Owensboro Health officials are preparing for a surge of regional patients who may contract the coronavirus, or COVID-19.
By Monday, two tents near the OH Regional Hospital’s emergency department will be operational. The tents will serve as a triage center and will allow patients with respiratory symptoms to be routed differently than those with other medical issues or trauma injuries.
“As part of that surge preparedness, we’ve set up a mini refresher course for intensive care training for selected nurses,” said Dr. Francis DuFrayne, OH chief medical officer.
The health system is reviewing all its doctors who provide outpatient care and looking at ways of putting them to use in an inpatient setting.
Also, OH is looking at recently retired medical professionals in the region who may be called into service if the need arises, DuFrayne said.
Currently, OHRH has two patients hospitalized with COVID-19.
Thanks to Kentucky’s efforts to slow the virus’ spread, OH has had time to set up systems and run trials to make sure they work the way they were intended, DuFrayne said.
Dr. Mike Kelley, OH vice president of medical affairs, said the health system’s physicians are keeping an eye on New York and other areas where the virus hit first.
“We are using it as part of our preparation ... so we know what to anticipate,” Kelley said.
OH medical staff members have listened to webinars from China and talked to colleagues in hotspot areas.
One thing OH’s medical team has learned: Don’t use personal protective equipment too soon.
To date, OH has swabbed more than 300 people for COVID-19, Kelley said.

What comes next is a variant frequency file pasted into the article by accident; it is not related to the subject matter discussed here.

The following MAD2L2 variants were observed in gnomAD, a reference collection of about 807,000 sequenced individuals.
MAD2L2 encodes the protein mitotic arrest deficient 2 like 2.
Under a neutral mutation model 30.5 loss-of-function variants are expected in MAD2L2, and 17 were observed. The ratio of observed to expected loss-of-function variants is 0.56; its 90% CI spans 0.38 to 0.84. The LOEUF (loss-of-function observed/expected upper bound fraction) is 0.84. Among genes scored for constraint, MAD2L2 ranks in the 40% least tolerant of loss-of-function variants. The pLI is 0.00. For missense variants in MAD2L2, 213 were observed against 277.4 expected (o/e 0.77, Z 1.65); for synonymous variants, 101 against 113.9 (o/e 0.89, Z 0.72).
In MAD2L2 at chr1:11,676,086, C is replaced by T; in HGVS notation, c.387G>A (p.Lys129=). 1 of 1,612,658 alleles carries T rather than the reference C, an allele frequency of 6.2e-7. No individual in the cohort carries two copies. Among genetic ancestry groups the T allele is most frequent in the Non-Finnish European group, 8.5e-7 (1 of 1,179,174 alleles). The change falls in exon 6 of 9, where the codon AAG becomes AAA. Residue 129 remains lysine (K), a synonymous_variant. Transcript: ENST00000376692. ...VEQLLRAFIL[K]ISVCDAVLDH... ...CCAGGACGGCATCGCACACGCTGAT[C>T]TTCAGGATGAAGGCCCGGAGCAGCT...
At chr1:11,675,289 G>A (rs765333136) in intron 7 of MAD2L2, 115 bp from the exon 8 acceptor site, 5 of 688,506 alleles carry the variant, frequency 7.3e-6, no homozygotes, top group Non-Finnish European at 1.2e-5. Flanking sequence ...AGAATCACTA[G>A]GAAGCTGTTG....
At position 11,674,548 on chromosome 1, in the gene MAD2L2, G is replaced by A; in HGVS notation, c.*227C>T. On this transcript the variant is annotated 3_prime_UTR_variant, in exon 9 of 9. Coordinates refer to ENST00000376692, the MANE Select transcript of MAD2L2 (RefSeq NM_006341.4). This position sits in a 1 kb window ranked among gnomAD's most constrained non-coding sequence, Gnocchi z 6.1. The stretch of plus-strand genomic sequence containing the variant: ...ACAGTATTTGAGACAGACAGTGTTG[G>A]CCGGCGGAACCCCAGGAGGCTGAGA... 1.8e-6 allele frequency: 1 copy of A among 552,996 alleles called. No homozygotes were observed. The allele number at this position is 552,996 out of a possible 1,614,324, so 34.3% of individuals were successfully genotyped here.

“We’re still OK on supplies, but we need to be good stewards of that process,” he said.
The resources don’t exist to test everyone. OH is following state and federal guidelines for testing. The sickest and most vulnerable residents are tested at this time.
So far, up to 6% of OH patients who have been tested have been diagnosed with the virus, Kelley said. That’s in keeping with the state’s average.
However, those percentages are misleading and only tell part of the story, he said. Some people with COVID-19 are staying home and are never tested. Some households have one person who tested positive but may have other members who contracted the virus from them.
Kelley warned against complacency, thinking the rate of infection is low. It is more important now than ever for Kentuckians to take seriously the state’s “healthy at home” initiative, he said.
He urged regional residents to continue social distancing, washing hands, not touching faces and other measures recommended by state and federal health officials to stay safe.
Gov. Andy Beshear echoed those comments in his Friday afternoon press conference.
Beshear announced 54 new cases — another new one-day high. As of Friday afternoon, the state had 302 confirmed COVID-19 cases.
Also, Beshear announced two more deaths, bringing that total to four. A 75-year-old Fayette County woman and a 77-year-old Hopkins County man have died from the virus.
Again, the governor, reminded Kentuckians the next few weeks will prove critical. He asked residents to follow the state’s orders and not leave their homes except to buy supplies or go to work.
“I believe Kentucky has done better than anywhere in the country,” Beshear said, “but we can do better.”
By sticking to the state’s plan now, the governor said, it will buy more time for him and Kentucky’s medical teams to purchase more masks, gloves, ventilators and other items needed before the expected surge arrives.
On Friday morning, the Green River District Health Department reported a total of 28 cases in Daviess County, up six from Wednesday.
No new cases were reported in Daviess County Thursday.
In the rest of GRDHD’s service area, no new cases were reported. Henderson County’s total still stands at two, and Union and Webster counties each have one case.
Muhlenberg County Health Department reported no new cases Friday. Since Monday, that county has seen a total of seven cases.
Renee Beasley Jones, 270-228-2835, firstname.lastname@example.org